I have a soft spot for games that are made using any of the RPG Maker suites, partly due to my enjoyment of RPG games, but mostly because I used to tinker around with it back when the most recent version was RM2K. I never made anything really resembling a game, but I did manage to make quite a few decent hustling, bustling cities, just ones that had no real story behind them. Still, to twelve year old me, it was great fun and I really enjoyed seeing what the community was able to come up with, and the fact that there are still developers using the now massively updated and improved RPG Makers warms my heart, and makes me want to go back to making RPGs.
Enter Mars Underground. An indie game developed in RPG Maker DS+, it’s a beautifully styled game that gives you the opportunity to play as a somewhat angsty school kid trapped in a Groundhog Day type world, where the day you just lived repeats over and over. While the day repeats itself, your actions can differ in quite a few ways, and most of the things you do actually have consequences on your day. Rifling through your sister’s boxes and climbing on your mother’s bed don’t really have too much impact, save for annoying them, but turning off the TV while your sister is watching it will cause your mum to lose her patience with you and send you off to school immediately. I know these things are relatively small in the grand scheme of things, but a lot of effort has gone into having realistic repercussions for what you do in the game, even with just small things, is really cool. There are also certain things you can do that will affect how everyone around you acts with you, and some of these can be quite funny, if a little disgusting.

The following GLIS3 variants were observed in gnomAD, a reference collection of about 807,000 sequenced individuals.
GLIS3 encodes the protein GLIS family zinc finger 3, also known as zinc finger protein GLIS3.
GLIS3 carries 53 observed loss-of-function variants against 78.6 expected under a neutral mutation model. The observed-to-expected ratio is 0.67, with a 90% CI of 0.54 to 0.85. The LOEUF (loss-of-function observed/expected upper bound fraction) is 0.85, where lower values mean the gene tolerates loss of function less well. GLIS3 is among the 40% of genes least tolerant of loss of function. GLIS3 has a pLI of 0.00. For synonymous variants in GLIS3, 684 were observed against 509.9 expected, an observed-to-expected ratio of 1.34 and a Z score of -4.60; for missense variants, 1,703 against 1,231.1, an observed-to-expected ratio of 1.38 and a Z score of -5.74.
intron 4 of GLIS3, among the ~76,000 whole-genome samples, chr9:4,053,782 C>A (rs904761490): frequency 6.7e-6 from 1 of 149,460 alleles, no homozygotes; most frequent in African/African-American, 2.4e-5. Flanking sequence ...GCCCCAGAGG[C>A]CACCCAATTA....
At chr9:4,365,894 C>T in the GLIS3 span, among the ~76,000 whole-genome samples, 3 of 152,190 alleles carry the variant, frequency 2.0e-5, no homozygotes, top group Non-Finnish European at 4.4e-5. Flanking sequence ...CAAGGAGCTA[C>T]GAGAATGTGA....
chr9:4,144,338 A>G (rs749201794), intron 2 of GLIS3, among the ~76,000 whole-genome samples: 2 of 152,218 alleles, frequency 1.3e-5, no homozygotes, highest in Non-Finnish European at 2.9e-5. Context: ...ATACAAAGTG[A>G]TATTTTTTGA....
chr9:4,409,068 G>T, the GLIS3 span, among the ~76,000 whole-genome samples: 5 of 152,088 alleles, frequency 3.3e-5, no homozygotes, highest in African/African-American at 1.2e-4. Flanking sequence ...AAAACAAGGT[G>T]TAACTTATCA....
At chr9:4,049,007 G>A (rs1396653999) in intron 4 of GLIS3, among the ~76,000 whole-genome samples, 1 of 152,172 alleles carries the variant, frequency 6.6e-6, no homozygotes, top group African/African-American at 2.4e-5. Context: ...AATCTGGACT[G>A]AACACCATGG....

Something I never really dabbled with in the RPG Maker tool was the musical aspect. There were a bunch of songs and sound effects that came free with the game, and while none of them were exactly brilliant, they worked fine in my city-scapes. Mars Underground takes it to a whole new level though, as even in their short preview there are some terrific tunes to listen to. It can also very easily go under the radar as, although they are great to listen to, they don’t take attention away from the game itself, but instead complement it so well that it really gives you a wonderful overall experience.
There is a major difference between this game and most games that come out of the RPG Maker community – this one, like another RPG Maker game Always Sometimes Monsters, has no battles. This makes it much more of an adventure type role playing game rather than your traditional one that sees you grinding endlessly against low level monsters to try to get to the next level so you can grind on slightly harder monsters. It’s a bloody nice breath of fresh air not having to battle against plethoras of slime balls to progress, and because of this, it forces the developer to think of other ways to stymie the player. In this game, you’ve got to use your head to progress through the story; doing everything it asks you while trying to solve the mystery of your repeating timeline. There are plenty of areas and items to discover, as well as people to talk to, even if some of them aren’t that interested in chatting to you. Developing the game this way makes it so much more enjoyable, as it removes the crap padding that some developers use as a crutch to increase the amount of time spent on the story, meaning that the game you actually play is actually a flowing, uninterrupted story.
Now, it’s just a simple demo for now, so it’s hard to draw too many conclusions from it. What I’ve seen and played so far, I’ve really liked though, and there aren’t too many games that can grab you with a demo that lasts less than half an hour. There’s definitely a lot that the developer can be proud about, and there’s so much potential already that I’m eagerly awaiting the full release – or even just a little bit more added on to the demo – so that I can play it all the way through. It’s definitely a game that you should all check out – and you can do so by visiting their website at marsunderground.net